China's top Communist Party officials at a plenary meeting in Beijing are expected to adopt the "11th five-year plan" for economic and social development from 2006-2010, which will center on more even wealth distribution among its citizens.
The concept of "scientific development," first put forward by President Hu Jintao, will be enshrined into the plan. Beijing is also calling for the building of a society that will improve the lives of millions of farmers and poor urban dwellers currently left out of the country's economic boom, and therefore eradicating the roots of social unrest, observers said.
Despite the Party awoken to the inequity concern, it is unclear what can be done to help the poor. Some economists have said China is witnessing a stage of economic development in which many people are going to be left behind, raising the danger of unrest.
An editorial in the The People’s Daily Saturday noted that life had improved for all classes of Chinese society, including farmers, as a result of the changes. But problems have cropped up in the past two years, it said, adding that China must make "macroeconomic adjustments" in the next stage so the machine runs more smoothly.
The new Five-Year growth roadmap, is expected to put greater emphasis on sustainable but relatively fast, non-wasteful and environmentally-friendly growth.
President Hu Jintao, who is general secretary of the ruling Party, has chaired the crucial meeting.
The scientific development concept will become the guiding theory for building a "harmonious society," said Yan Shuhan, a professor with the Central Party School.
They are discussing the country's five-year development plan, with the view of seeking "sustainable, healthy, co-ordinated and rapid development," Yan said.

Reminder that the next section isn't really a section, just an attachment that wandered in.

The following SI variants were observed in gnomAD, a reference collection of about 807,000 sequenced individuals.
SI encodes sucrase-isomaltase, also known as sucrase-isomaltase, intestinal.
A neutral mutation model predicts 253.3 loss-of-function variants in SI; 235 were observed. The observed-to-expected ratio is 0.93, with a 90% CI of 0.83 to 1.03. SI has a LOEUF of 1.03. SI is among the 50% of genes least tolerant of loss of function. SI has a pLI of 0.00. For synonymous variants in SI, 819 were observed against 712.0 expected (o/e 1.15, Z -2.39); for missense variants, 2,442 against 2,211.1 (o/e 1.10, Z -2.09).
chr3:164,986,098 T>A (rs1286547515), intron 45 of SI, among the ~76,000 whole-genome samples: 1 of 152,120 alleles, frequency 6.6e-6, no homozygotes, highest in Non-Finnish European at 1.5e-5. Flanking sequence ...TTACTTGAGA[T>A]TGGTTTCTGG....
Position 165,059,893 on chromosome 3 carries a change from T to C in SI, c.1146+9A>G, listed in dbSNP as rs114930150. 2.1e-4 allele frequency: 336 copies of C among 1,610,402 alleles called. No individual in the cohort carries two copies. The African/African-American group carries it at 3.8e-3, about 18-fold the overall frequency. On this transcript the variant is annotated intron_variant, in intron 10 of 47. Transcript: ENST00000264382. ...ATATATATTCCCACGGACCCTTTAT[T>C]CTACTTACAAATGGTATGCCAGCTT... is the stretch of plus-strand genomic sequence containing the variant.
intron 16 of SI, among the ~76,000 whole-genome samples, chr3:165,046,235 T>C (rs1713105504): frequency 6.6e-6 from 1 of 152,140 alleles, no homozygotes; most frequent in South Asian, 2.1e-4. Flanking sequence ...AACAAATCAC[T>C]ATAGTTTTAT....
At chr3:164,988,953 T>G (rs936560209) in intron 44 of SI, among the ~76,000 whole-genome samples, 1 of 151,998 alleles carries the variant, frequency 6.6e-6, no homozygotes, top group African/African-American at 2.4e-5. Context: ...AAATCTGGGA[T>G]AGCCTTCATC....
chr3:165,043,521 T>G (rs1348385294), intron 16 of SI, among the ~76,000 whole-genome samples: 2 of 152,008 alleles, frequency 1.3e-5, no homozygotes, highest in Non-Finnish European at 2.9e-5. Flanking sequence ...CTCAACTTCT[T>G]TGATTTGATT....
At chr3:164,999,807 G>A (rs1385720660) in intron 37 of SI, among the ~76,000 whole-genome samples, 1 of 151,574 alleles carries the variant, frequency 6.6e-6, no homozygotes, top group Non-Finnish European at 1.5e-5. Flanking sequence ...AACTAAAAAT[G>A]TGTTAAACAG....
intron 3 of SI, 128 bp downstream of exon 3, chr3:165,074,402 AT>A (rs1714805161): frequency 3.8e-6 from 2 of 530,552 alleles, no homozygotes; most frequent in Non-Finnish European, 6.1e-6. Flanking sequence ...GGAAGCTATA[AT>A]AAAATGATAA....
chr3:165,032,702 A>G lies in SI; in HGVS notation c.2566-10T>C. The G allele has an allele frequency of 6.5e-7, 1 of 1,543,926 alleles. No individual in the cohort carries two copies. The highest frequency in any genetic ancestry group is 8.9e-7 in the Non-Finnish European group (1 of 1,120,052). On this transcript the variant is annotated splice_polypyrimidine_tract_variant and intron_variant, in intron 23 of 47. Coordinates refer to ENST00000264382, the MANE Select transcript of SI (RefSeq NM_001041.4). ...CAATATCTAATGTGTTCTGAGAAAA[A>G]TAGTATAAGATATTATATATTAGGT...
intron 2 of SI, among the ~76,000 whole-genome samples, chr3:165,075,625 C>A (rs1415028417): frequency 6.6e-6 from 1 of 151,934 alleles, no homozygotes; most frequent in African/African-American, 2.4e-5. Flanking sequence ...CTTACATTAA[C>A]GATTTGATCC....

The focus of the proposed five-year plan indicates the Party and the Government have awoken to the problems with the model of growth China has been following for the past 27 years since economic reforms were launched in 1978. China has relied largely on manufacturing low value added products for other countries, using its land, natural resources and labor, the Xinhua news agency said.
It should instead move towards the model adopted by developed countries -- depending more on technological innovations and less on resources and labor for growth, it said.
Over the years, government coffers and state-run banks have funded many viable infrastructure projects, but also unworthy ones such as city plazas and high-tech parks that remain empty.
Corruption and lack of accountability played a big part in the wasteful spending as local officials are able to pocket kickbacks from developers and others, and face little reprimand for pushing through unnecessary projects.
Such "blind" investment has led to a waste in resources such as steel and energy, causing prices to shoot up and raising fears of a depletion of resources.
This has also led to large-scale environmental degradation, with many of China's rivers and lakes polluted and many Chinese cities blanketed with filthy air.
The model of growth adopted, which has placed the emphasis on China's coastal regions, has also created a serious income gap between urban and rural areas, with a majority of the rural population falling far behind in living standards as compared to city dwellers.
Unless farmers' incomes rise, it is feared China will not be able to continue growing at the current rapid pace of more than 9 percent a year.
The next five years is a "golden development period" but also fraught with challenges, Xinhua said.
Zheng Xinli, deputy director of the Central Policy Research Office, attributed China's growth to the huge investment and excessive consumption of natural resources.
Growth must be achieved through scientific progress and improvement in laborers' quality, Zheng said.
From 1979 to 2004, China's economy grew by a blistering 9.4 per cent annual average, making it the sixth largest economy in the world. However, China's consumption of natural resources is alarming: its gross domestic product accounts for 4 per cent of the world, while its consumption of water accounts for 15 per cent of the world, steel for 28 per cent and cement for 50 per cent.
(China Daily October 10, 2005)